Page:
My Favorite Addiction: Korean Dramas

I became an addict in the course of 48 hours.  I visited a best friend and we sat down to watch a DVD.  It was a Korean television show, called My Girl, and there was no going back.  We devoured almost all of the 16 episodes in one weekend, and since then Korean dramas have been my go-to drug for when I need a lift, a distraction, or just if I have some free time.

If you’re at all like me — and if you’re here, you probably are — then sometimes you look to the media for those things too.  You should try Korean dramas.  All the cool kids are doing it.

boys bugging mi-nyeo

A nun attempts to become a kpop star in You’re Beautiful

You obviously can find a bit of everything on Korean television, but Korean drama, or “kdrama,” usually refers to a show of an average of 20 hour-long episodes with a contained story arc.  Think of them as lengthy mini-series.  They’re perfect because they last longer than movies but are still less of a commitment than starting a television show with multiple seasons.  You know you’ll be free before too long (especially if you’re like me and you get so sucked in you knock out a 16-episode show in 4 days).

Within the specified world of kdramas there are still a handful of genres which I’ll outline for you.  There’s the most popular, and the one that drew me in, the trendy romantic comedy.  Boy meets girl, boy and girl start off hating each other, circumstances keep throwing boy and girl together, boy and girl fall in love, boy and girl versus the world.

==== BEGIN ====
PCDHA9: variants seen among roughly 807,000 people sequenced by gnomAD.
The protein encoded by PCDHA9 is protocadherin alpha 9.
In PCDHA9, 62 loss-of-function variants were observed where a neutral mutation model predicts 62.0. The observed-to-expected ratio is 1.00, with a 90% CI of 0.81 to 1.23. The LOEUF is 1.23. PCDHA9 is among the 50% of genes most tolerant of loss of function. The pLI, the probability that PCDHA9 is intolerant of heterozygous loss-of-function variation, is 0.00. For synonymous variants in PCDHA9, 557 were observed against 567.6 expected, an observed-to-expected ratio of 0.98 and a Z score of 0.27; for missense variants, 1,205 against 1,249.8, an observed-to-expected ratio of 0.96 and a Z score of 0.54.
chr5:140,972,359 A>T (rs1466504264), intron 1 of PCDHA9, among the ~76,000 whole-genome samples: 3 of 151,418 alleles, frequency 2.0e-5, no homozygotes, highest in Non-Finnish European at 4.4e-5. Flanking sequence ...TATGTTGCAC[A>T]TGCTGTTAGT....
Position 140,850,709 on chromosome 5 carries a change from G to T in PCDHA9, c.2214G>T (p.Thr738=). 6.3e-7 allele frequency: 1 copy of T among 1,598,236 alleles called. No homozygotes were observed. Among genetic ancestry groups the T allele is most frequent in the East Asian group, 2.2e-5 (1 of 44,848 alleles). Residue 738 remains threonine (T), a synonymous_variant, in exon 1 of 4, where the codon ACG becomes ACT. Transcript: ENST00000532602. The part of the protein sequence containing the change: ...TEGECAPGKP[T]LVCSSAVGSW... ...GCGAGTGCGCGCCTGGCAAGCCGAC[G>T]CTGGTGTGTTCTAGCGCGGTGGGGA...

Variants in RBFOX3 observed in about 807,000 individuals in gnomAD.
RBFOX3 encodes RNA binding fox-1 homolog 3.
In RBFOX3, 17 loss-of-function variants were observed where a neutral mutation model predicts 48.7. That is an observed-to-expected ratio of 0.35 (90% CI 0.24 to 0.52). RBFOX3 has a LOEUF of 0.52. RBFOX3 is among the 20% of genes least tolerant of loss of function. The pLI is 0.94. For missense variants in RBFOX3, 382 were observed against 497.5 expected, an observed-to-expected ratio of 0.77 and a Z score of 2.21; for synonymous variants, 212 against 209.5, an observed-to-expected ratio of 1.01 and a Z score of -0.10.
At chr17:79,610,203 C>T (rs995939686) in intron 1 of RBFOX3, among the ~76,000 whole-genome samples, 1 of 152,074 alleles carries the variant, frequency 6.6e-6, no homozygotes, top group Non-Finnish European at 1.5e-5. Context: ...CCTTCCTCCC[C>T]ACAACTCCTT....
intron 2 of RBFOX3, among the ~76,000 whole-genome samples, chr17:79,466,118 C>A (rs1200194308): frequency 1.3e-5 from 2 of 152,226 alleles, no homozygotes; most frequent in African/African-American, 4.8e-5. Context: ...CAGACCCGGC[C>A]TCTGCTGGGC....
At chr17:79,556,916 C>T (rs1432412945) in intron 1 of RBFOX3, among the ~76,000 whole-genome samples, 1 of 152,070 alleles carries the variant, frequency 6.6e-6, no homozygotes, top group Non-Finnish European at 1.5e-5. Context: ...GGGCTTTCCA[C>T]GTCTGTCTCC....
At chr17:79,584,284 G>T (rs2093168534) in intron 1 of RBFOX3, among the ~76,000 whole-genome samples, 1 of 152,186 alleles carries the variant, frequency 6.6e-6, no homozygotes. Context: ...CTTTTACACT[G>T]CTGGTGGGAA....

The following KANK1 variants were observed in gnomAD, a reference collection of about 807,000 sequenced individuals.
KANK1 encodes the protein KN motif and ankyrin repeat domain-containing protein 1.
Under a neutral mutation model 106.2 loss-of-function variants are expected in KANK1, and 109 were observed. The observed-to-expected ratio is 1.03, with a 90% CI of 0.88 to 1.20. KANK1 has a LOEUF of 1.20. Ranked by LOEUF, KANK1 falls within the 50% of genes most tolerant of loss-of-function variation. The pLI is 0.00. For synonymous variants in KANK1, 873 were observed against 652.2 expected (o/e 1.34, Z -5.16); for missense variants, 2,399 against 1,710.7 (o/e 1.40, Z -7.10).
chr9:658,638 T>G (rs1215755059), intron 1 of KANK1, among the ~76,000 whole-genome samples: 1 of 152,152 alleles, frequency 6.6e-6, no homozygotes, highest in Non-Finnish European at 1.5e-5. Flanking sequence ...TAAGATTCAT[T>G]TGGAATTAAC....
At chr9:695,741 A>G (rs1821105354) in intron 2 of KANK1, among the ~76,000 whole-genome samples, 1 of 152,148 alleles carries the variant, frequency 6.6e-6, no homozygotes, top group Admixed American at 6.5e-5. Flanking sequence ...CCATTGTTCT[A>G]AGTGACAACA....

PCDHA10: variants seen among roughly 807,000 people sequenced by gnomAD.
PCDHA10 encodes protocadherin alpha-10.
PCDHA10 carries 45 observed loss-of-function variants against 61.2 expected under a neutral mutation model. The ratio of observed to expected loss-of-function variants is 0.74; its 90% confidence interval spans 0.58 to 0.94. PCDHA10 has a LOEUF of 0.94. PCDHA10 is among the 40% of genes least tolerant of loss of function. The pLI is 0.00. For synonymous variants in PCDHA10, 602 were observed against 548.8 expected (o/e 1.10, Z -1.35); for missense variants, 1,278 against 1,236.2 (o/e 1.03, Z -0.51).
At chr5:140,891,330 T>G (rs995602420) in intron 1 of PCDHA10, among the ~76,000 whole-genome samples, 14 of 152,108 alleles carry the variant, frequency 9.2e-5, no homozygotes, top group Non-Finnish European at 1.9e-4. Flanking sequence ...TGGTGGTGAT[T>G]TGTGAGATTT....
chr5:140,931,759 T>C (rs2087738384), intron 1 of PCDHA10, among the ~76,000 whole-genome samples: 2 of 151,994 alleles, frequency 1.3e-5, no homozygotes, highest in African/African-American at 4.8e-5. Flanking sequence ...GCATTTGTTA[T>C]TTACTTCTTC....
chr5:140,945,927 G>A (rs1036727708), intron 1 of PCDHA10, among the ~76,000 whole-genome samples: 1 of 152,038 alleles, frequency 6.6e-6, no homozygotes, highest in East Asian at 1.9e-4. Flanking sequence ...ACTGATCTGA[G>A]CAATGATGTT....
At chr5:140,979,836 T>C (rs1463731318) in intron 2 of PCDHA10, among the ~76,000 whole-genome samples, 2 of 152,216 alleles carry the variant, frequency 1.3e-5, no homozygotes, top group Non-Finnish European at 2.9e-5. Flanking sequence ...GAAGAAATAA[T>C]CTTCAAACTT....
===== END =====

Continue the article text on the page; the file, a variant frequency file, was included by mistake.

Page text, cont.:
Those of us used to American romantic comedies might think that sounds dragged out.  Twenty hours to watch two people fall in love?  But the good ones have more to them than that; they contain multiple story arcs, zany hijinks, and casts of developed secondary characters that relate to the primaries but sometimes have their own sub-stories.  If you stick with me I’ll lead you to the best.

Try anything by the Hong Sisters (they’re the ones who did My Girl.).  In You’re Beautiful, a nun-in-training poses as her twin brother when he’s incapacitated, so he won’t lose his chance to join Korea’s hottest boy band.  It sounds corny, but it’s actually adorable.

greatest love

Trying to go on a normal date in The Greatest Love

Or consider My Girlfriend is a Gumiho.  Here the Hong Sisters retake the patriarchal roots of a Korean myth–the gumiho is a nine-tailed fox-woman who seduces and devours men–and turn into a supernatural comedy romance.  The gumiho is given positive control of her own sexuality and she falls in love with the man who tries to teach her how to live in the modern world.  Stick around for scenes where she digs through the trash to find enough coupons for a free chicken dinner, much to the horror of the neighborhood busybodies.

If you want even more depth along with your romance, try The Greatest Love.  The D-list celebrity Korea loves to hate tries to carry on a relationship with the country’s biggest action movie star.  When the leading man isn’t hamming it up like a ridiculous goof, the show turns into a fascinating examination of the cult of celebrity in the Internet age.  It posits that a famous person’s image can actually take on a life of its own and become almost a separate entity to who that person actually is.

Sometimes you just don’t want to think that much.  You want something to laugh at, a good story, or possibly some eye candy.  If that’s the case Korea has the perfect trend with several shows based around it: flower boys.  The term’s used to describe good-looking men who are usually on the more metrosexual end of the spectrum.

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